NASA's Aqua satellite passed over Typhoon Fanapi on September 17 at 04:45 UTC (12:45 a.m. EDT) and captured an infrared image of its cold cloudtop temperatures. The coldest cloud tops were as cold as -60F, and the imagery showed a tight center circulation at that time.

Infrared imagery today continues to show Fanapi consolidating. The typhoon is on the border of becoming a Category 2 typhoon on the Saffir-Simpson hurricane/typhoon scale. Infrared imagery also showed that Fanapi has an 11 mile-wide eye, and that there's a small gap in the eyewall in the northern part of the circulation. Because vertical wind shear is expected to increase over the next 12 to 24 hours, Fanapi is expected to weaken at that time.

Another instrument on NASA's Aqua satellite captured a visible image of Typhoon Fanapi. To see the image that the Moderate Resolution Imaging Spectroradiometer (MODIS) instrument captured of Typhoon Fanapi on September 17 at 04:45 UTC, go to: http://rapidfire.sci.gsfc.nasa.gov/gallery/?2010260-0917/Fanapi.A2010260.0445.

Fanapi is now moving northwest at 6 mph and is expected to make landfall on Sept. 19 during the morning hours local Asia/Taipei time (late Sept. 18 EDT). Fanapi is forecast to cross Taiwan from east to west and then emerge into the Taiwan Strait as a tropical storm and make a final landfall in eastern China on Sept. 20.

Text credit: Rob Gutro, NASA's Goddard Space Flight Center, Greenbelt, Md.



September 16, 2010

Tropical Depression 12W Becomes Tropical Storm Fanapi

Tropical Storm Fanapi › View larger image
The MODIS instrument on NASA’s Terra satellite captured this natural-color image of Fanapi at 10:30 a.m. Taiwan time (2:30 UTC) on September 16, 2010.
Credit: NASA Goddard/ MODIS Rapid Response Team
Fanapi strengthened from a tropical depression to a tropical storm on September 15, 2010. The following day, Fanapi strengthened into a typhoon. At 11:00 p.m. Taiwan time (15:00 UTC) on September 16, 2010, the U.S. Navy’s Joint Typhoon Warning Center (JTWC) reported that Fanapi was located roughly 270 nautical miles (500 kilometers) south of Okinawa, Japan. The storm had maximum sustained winds of 65 knots (120 kilometers per hour) with gusts up to 80 knots (150 kilometers per hour).

The Moderate Resolution Imaging Spectroradiometer (MODIS) on NASA’s Terra satellite captured this natural-color image of Fanapi at 10:30 a.m. Taiwan time (2:30 UTC) on September 16, 2010. Fanapi, not yet a typhoon, spans hundreds of kilometers east of Taiwan and the northern Philippines. The storm sports the comma shape characteristic of tropical storms, although it lacks a distinct eye. The JTWC forecast that Fanapi would continue its general westward track toward Taiwan and China.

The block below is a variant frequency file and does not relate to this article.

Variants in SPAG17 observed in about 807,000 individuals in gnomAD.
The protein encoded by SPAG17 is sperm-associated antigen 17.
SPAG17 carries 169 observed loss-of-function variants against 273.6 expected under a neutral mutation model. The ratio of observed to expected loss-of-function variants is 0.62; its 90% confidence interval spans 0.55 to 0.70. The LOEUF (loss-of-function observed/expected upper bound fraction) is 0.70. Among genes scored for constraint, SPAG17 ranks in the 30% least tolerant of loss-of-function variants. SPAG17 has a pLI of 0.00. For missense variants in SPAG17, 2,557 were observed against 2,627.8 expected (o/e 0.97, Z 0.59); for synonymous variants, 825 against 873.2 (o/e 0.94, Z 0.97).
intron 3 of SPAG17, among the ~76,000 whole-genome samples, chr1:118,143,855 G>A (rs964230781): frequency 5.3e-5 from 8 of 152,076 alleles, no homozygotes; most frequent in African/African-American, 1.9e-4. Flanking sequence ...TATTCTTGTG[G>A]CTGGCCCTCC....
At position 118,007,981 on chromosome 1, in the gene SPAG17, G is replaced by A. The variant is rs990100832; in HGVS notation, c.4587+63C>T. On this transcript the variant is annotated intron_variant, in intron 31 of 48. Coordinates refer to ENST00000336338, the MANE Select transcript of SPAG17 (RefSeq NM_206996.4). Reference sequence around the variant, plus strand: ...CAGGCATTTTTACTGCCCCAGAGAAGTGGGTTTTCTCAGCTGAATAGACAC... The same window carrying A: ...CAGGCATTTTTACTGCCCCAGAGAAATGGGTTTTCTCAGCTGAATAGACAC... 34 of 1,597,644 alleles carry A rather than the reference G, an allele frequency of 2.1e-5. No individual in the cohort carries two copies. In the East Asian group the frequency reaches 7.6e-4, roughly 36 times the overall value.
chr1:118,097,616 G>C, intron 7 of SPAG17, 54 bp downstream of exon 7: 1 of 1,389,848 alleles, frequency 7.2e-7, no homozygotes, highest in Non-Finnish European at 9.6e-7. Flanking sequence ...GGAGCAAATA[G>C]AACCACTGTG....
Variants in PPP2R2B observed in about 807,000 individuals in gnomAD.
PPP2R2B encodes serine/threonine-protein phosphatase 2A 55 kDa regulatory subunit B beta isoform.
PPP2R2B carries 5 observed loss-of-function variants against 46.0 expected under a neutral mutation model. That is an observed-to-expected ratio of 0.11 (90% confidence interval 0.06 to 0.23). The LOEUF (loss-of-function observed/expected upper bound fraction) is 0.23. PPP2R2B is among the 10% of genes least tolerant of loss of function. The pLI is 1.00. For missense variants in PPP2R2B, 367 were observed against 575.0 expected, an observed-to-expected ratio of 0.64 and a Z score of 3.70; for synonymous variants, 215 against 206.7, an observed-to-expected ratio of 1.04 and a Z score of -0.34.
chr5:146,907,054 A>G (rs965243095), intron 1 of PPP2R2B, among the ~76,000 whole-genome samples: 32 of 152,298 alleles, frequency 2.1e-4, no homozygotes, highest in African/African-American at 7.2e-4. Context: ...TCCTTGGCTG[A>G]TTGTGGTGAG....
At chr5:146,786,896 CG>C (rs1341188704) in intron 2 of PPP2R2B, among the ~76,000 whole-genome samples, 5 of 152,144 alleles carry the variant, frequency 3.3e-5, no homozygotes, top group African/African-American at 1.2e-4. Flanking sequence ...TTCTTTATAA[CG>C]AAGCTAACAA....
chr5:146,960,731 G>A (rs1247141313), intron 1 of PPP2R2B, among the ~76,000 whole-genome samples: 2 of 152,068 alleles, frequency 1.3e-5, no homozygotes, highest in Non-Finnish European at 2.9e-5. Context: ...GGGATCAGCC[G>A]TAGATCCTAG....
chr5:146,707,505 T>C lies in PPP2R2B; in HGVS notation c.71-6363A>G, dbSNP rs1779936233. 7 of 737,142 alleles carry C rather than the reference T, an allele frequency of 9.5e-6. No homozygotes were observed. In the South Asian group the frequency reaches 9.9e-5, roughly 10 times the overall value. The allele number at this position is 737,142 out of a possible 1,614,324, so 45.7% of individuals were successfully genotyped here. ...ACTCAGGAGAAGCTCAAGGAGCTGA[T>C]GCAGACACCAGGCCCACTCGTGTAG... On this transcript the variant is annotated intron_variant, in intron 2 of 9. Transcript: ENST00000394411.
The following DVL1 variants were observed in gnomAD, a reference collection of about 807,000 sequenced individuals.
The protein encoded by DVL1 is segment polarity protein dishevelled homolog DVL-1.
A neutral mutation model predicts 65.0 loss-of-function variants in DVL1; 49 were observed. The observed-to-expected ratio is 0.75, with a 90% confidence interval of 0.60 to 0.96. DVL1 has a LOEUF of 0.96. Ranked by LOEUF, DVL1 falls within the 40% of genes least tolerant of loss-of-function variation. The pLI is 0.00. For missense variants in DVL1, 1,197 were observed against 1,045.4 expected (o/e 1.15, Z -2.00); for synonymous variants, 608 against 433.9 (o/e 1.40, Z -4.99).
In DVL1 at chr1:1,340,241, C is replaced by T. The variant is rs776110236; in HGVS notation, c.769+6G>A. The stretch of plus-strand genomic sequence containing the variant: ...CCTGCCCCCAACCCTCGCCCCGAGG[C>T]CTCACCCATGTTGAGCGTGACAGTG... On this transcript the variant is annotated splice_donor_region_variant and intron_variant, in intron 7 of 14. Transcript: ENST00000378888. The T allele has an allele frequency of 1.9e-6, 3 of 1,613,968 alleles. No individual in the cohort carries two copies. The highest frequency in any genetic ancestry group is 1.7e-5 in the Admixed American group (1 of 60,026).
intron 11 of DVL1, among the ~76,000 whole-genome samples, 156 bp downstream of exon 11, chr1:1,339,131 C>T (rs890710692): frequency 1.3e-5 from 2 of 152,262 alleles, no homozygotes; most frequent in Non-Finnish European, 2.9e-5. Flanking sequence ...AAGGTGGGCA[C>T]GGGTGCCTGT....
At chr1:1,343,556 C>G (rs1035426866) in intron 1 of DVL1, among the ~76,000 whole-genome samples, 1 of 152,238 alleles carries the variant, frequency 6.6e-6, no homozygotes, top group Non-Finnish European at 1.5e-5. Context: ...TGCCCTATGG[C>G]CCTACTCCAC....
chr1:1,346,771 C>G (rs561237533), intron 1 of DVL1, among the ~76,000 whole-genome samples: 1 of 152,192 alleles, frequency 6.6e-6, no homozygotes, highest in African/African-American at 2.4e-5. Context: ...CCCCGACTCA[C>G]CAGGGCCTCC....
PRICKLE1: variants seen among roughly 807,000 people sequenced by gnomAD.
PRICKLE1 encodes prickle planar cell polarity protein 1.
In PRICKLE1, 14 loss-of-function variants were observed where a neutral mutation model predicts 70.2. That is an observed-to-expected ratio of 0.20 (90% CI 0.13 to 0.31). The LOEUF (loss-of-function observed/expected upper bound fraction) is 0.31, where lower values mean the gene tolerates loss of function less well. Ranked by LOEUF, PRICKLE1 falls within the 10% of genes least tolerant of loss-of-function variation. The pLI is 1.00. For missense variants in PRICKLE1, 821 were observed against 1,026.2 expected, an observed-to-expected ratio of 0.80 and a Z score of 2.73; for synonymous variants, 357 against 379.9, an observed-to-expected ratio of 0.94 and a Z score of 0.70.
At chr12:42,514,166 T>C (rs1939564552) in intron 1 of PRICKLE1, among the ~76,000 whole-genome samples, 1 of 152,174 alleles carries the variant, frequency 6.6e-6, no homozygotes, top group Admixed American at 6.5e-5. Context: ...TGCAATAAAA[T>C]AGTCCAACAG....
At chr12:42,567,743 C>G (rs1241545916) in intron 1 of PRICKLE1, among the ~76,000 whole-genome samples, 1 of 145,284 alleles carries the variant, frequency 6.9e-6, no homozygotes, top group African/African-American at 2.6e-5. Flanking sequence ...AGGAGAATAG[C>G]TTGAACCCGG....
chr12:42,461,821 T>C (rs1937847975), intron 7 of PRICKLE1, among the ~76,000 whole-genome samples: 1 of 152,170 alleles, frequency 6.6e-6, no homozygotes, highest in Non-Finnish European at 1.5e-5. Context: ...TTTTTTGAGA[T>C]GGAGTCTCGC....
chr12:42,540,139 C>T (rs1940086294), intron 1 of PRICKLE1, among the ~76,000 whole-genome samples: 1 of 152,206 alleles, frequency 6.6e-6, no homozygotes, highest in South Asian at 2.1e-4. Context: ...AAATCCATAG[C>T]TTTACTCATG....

Credit: Michon Scott/NASA's Earth Observatory/NASA's Goddard Space Flight Center



September 15, 2010

NASA Sees Twelfth Tropical Depression Form in NW Pacific

12W's cloud temperatures showing some strong convective activity in the eastern and western quadrants of the storm. › View larger image
NASA's Aqua satellite AIRS instrument captured an infrared image of Tropical depression 12W's cloud temperatures on Sept. 15 at 0453 UTC (12:53 a.m. EDT) that showed some strong convective activity in the eastern and western quadrants of the storm as indicated by high thunderstorms (in purple) that were as cold as -63F.
Credit: NASA JPL, Ed Olsen
NASA's infrared imagery watched as the twelfth tropical depression came together early today and captured some strong convection in its center.

Convection is rapidly rising air that forms the thunderstorms that power a tropical cyclone, and the Atmospheric Infrared Sounder (AIRS) instrument that flies aboard NASA's Aqua satellite captured two areas of strong convection in the eastern and western quadrants of Tropical Depression 12W today. The infrared image was captured at 0453 UTC (12:53 a.m. EDT) and showed the strong convective activity with high, cold thunderstorm cloud tops that were as cold as -63F.

More recent infrared satellite imagery and a microwave image now show tightly curved convective banding (bands of thunderstorms) wrapping in from all quadrants with deep convection building over the system center, indicating strengthening.

At 1200 UTC (8 a.m. EDT) today, Sept. 15, Tropical Depression 12W's (TD12W) maximum sustained winds were near 38 mph, just shy of tropical storm status. It was located about 335 nautical miles south of Okinawa, Japan, near 21.0 North and 127.5 East. TD12W is moving northwestward at 4 mph.

Tropical Depression 12W is currently in a favorable environment for development with low wind shear and warm sea surface temperatures, so it will most likely become a tropical storm by Thursday. The current forecast keeps TD12W at sea until September 20, when it may make landfall in eastern China.

Text credit: Rob Gutro, NASA's Goddard Space Flight Center, Greenbelt, Md.